What Happened: Fed Keeps Rates Steady, But Eases Quantitative Tightening

 

What Does it Mean? 

With no surprise, the Fed announced no changes to interest rates in their report and press conference Wednesday.  Since the Federal Reserve last met in March, the economic data has shown inflation may be entrenched and interest rates will likely remain “higher for longer”. However, Jerome Powell announced that there were unlikely to be any additional rate hikes, and as a surprise, the Fed will begin slowing down their quantitative tightening.

 

Why Do We Care?  

Over the last month, the market has seen a pullback due to lingering high inflation and the expectation that the Fed is not lowering rates anytime soon. The initial reaction to the press conference was negative on Wednesday with the Fed essentially confirming that they were going to watch the data and make sure inflation was coming down before lowering rates. However, we believe investors dove into the comments and noticed a shift in character with the Federal Reserve now reducing the amount of quantitative tightening (QT) they are doing on a monthly basis.

 

QT is the process in which the Fed pulls money out of the economy by selling long dated treasury bonds that the Fed holds on their balance sheet or allowing those bonds to mature and be removed from their balance sheet. Not to be confused with quantitative easing (QE) where the Fed purchases bonds to stimulate the economy. See the article HERE for more info on QT and QE. This QT process allowed up to $95B of balance sheet runoff each month, but the Fed capped it at $25B moving forward.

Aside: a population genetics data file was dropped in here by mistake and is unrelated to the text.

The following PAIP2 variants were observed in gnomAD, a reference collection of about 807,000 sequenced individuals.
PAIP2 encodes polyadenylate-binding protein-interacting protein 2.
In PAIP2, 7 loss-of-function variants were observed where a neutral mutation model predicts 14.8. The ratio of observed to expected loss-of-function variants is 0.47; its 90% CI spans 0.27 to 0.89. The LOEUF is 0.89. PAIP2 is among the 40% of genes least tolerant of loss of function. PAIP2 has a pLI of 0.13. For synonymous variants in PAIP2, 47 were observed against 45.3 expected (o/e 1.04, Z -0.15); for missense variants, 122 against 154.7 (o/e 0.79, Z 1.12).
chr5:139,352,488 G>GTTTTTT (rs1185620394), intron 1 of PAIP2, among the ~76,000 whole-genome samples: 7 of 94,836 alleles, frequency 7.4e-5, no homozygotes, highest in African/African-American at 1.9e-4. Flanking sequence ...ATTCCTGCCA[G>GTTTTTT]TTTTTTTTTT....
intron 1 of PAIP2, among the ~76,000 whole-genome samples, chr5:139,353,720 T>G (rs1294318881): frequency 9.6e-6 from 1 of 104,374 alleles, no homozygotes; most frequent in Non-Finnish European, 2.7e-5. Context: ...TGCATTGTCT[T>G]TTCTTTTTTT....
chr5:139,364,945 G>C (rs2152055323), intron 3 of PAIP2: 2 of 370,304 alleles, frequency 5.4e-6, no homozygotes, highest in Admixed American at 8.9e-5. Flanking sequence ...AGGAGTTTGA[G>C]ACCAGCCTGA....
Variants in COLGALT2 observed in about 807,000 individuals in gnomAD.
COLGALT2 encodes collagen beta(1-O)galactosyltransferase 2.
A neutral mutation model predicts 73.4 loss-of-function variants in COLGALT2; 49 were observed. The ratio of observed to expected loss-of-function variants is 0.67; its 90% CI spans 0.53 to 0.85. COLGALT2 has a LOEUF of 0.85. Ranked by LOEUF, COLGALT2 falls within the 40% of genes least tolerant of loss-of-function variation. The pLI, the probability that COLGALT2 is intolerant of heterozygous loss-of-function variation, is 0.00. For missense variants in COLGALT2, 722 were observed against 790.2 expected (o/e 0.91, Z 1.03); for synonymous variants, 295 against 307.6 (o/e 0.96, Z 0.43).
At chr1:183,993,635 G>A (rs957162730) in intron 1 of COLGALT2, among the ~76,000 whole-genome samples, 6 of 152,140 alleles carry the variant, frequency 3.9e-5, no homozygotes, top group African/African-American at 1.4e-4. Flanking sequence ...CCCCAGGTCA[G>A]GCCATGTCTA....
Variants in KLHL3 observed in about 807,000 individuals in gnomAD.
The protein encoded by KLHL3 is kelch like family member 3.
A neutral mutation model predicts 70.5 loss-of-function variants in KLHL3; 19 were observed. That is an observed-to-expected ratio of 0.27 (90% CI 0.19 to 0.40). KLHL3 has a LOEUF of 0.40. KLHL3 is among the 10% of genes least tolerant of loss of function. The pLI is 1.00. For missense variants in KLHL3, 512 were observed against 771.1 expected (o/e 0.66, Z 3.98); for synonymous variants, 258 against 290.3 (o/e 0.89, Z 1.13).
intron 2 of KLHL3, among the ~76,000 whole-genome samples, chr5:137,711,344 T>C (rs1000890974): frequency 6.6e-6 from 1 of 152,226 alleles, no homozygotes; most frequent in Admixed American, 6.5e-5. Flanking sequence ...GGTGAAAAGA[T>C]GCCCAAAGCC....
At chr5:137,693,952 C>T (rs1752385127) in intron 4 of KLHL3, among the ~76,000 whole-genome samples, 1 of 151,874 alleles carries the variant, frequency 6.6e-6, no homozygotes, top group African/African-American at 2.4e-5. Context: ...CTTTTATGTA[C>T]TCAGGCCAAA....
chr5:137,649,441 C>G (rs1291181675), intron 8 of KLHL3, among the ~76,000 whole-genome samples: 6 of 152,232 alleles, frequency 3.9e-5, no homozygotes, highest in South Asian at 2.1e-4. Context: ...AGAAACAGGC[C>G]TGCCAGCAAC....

Although this may seem like a subtle shift in policy, we think it shows that the Fed is not as hawkish (monetary tightening) as the market may have originally believed. In our opinion, this is the first real easing measure the Fed has done since rate hikes began in 2022. We will watch closely how it plays out, but we believe this could be the first step in the Fed shifting to a dovish (monetary easing) tone which would be very positive for the markets, especially the interest rate sensitive areas.

 

 

What Happened: U.S. job growth totaled 175,000 in April, much less than expected

 

What Does it Mean?

175,000 new jobs were added in April. This was much lower than the 240,000 expectation, and the always important hourly earnings growth of 0.2% also was lower than expectations.

 

Why Do We Care?

The economic data over the last month or so has been a string of hotter than expected inflation data, lower than expected GDP growth, and higher than anticipated job growth. Needless to say, we think this lower-than-expected April jobs report comes as a relief to the market. In our opinion, we live in a bizarre world that celebrates less job increases, higher unemployment, and less earnings growth, but it is a crucial component in the Federal Reserve’s decision-making process regarding interest rates. Remember, the Fed has a dual mandate – price stability and maximum employment. We have already talked on previous newsletters and videos about our suspicions that the jobs market was not as strong as the data has shown. If that continues to show in these reports moving forward, we believe the Fed will likely have to shift gears from fighting inflation to supporting the economy and labor market by lowering interest rates.

The S&P500 fell just under 5% in April. After this news along with some of the positive earnings reports we have seen it looks like the market rally that we saw in Q1 may be back on. I know we continue to harp on it, but it is so important to understand that with a healthy market comes healthy pullbacks. In our opinion, this year is almost certain to bring forth unsettling headlines and sustained volatility. Nonetheless, it remains crucial to maintain course and stay resolute in navigating this choppy environment.

 

Have a great weekend.

~ Logan

 

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